Posted on May 12, 2010 in Reports

May 12, 2010, UAE – The second Oliver Wyman / Zogby International survey of 134 C-suite (including CEOs, CFOs and COOs) executives in Saudi Arabia, Qatar, and the United Arab Emirates finds the business mood in the region upbeat. GCC executives expressed uniform confidence when asked about immediate and near term prospects: 58% of those surveyed find current conditions improved, and 82% are optimistic about the prospects for the next two years. Although business confidence in the UAE has risen 29 percentage points to 74% since the last report in October 2009, the country still lags behind KSA (85%) and Qatar (96%).

“In the survey last October we saw confidence down in the shadow of the financial crisis,” notes James Zogby, of Zogby International. “This time, when we asked more general questions about business confidence and the prospects for the future we found real optimism across the region, with Qataris and Saudis the most confident.”

As the region begins to recover from the effects of the financial crisis, satisfaction with governments’ handling of this has gone up generally since 2009 and most notably in the UAE–increasing 23 points from 47% to 70% of UAE executives polled.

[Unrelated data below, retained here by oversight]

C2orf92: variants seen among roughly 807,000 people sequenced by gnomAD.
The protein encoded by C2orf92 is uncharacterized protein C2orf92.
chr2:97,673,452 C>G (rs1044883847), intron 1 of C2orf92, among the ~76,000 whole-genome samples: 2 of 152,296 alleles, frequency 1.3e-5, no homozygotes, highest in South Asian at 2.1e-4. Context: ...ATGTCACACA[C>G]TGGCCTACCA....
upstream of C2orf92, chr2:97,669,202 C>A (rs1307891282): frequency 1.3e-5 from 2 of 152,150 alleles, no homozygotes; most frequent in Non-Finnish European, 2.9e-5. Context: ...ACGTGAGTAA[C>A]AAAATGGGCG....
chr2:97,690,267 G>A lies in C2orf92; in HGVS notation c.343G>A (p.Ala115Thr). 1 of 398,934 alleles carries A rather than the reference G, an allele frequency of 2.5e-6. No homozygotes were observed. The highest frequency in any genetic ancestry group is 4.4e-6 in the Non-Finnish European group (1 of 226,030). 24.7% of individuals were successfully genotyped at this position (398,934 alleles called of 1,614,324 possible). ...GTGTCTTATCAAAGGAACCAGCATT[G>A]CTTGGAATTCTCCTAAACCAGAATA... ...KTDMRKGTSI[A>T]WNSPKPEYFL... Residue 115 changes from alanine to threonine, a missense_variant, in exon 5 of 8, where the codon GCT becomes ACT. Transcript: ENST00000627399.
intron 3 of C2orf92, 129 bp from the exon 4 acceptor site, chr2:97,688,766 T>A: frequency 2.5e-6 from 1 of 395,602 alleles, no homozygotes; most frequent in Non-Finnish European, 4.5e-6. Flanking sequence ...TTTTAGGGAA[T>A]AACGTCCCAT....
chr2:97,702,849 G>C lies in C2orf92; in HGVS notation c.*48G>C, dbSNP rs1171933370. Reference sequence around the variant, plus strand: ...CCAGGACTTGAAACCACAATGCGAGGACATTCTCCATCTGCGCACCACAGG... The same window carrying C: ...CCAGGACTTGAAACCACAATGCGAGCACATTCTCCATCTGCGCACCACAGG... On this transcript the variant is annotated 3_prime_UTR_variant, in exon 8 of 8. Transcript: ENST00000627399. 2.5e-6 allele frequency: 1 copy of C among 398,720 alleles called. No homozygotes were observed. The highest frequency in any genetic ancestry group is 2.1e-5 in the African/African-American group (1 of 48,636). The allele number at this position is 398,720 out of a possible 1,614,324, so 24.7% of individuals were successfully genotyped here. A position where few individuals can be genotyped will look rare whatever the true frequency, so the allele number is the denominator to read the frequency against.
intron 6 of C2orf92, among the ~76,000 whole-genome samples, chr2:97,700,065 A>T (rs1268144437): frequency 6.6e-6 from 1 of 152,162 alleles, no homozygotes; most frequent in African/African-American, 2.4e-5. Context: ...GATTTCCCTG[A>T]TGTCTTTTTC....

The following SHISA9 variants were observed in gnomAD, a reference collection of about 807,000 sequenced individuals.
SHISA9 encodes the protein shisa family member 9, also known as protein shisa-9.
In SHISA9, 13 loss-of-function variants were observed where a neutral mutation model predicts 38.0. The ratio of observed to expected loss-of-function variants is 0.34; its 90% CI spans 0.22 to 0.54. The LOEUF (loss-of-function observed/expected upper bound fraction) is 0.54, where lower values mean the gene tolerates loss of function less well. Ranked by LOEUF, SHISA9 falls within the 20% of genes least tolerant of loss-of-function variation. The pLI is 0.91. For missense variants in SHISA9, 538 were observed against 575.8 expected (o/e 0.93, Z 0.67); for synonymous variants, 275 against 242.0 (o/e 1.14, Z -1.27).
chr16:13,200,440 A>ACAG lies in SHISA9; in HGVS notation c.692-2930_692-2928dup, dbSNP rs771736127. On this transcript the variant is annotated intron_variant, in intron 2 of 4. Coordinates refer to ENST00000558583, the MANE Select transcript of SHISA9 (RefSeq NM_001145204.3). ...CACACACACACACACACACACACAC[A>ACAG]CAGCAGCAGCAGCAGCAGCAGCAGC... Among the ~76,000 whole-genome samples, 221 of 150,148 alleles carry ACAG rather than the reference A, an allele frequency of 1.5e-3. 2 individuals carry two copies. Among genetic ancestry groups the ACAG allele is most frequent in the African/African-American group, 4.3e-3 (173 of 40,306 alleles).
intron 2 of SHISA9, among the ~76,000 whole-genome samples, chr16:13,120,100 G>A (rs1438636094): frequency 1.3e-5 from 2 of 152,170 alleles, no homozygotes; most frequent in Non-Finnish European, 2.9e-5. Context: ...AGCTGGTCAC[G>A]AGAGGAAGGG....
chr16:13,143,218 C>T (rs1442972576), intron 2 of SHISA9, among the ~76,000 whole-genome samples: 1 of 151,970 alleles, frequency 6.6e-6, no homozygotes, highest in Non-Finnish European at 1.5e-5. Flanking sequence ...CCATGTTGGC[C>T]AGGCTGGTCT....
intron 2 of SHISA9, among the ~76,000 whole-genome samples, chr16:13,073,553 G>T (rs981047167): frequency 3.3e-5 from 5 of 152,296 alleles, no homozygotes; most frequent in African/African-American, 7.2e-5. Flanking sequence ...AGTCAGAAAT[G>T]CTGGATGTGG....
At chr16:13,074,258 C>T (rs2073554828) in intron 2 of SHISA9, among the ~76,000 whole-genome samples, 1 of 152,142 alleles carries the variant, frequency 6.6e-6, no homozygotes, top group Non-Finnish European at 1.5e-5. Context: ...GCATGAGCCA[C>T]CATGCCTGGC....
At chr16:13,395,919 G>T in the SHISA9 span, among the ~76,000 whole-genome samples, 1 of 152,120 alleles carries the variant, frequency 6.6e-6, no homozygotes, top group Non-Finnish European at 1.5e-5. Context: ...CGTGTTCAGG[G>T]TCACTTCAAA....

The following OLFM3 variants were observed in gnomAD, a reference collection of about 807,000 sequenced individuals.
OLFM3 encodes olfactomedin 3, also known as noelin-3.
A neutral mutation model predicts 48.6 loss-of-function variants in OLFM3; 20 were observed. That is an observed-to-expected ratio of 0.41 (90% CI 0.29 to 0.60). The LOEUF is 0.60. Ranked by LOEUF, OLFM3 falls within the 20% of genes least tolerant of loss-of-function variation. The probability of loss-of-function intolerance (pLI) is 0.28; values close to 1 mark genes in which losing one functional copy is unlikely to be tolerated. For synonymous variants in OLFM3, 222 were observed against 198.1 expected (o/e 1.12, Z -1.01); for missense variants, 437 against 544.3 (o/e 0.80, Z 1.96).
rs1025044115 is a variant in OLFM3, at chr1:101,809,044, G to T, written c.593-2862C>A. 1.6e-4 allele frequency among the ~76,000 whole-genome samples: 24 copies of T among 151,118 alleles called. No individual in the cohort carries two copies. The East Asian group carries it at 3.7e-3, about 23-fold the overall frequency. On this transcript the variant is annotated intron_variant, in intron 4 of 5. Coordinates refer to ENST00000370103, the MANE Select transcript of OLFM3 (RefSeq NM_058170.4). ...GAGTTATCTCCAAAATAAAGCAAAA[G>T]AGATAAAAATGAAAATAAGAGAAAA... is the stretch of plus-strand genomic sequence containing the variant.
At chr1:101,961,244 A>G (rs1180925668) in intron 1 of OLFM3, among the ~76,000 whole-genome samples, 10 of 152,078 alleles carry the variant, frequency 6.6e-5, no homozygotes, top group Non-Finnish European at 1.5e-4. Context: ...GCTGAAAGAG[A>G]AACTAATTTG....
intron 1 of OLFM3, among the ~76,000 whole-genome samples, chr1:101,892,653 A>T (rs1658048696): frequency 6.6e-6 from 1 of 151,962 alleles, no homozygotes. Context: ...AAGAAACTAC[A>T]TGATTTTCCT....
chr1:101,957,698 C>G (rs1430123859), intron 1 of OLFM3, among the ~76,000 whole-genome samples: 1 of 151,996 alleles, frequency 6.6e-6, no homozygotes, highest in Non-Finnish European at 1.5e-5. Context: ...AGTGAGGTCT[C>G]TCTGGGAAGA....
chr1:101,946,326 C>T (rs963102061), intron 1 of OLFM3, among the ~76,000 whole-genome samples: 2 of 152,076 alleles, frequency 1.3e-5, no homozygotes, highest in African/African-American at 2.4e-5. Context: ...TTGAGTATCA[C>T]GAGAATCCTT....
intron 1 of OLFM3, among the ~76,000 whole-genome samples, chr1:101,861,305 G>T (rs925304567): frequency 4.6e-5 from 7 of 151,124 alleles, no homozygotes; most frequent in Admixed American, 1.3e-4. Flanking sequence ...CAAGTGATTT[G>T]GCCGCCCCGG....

In terms of present prospects and where to go next, executives in Abu Dhabi and Dubai differ. Those in Dubai are relatively pessimistic and interested in tackling labor reform and transparency, while those in Abu Dhabi were relatively optimistic and interested in educational challenges.

“This is an important poll in a region eager for useful data,” points out John Turner, a Partner in the Dubai Office of Oliver Wyman who leads its Public Sector practice. “The poll will run every six months and its findings continue to deepen our understanding of what matters most to GCC executives, and inform our growing work with the government agencies that are engaged in enhancing the region’s competitiveness.”

Among the survey’s GCC findings include:
• The survey also highlighted some cross-GCC concerns: labor reform is seen by 41% of executives as the issue most requiring immediate attention and by 36% of executives as posing the greatest long-term threat to the region’s competitiveness
GCC Executives were equally united on next steps: 46% pointed to diversification as the greatest opportunity for the region’s increased competitiveness, well ahead of looking outside the region for new prospects.
• Saudi Arabian executives see more opportunities for increased competitiveness to the East (China) vs. than to the West (US).

Related Article: Top GCC execs upbeat on region’s future – survey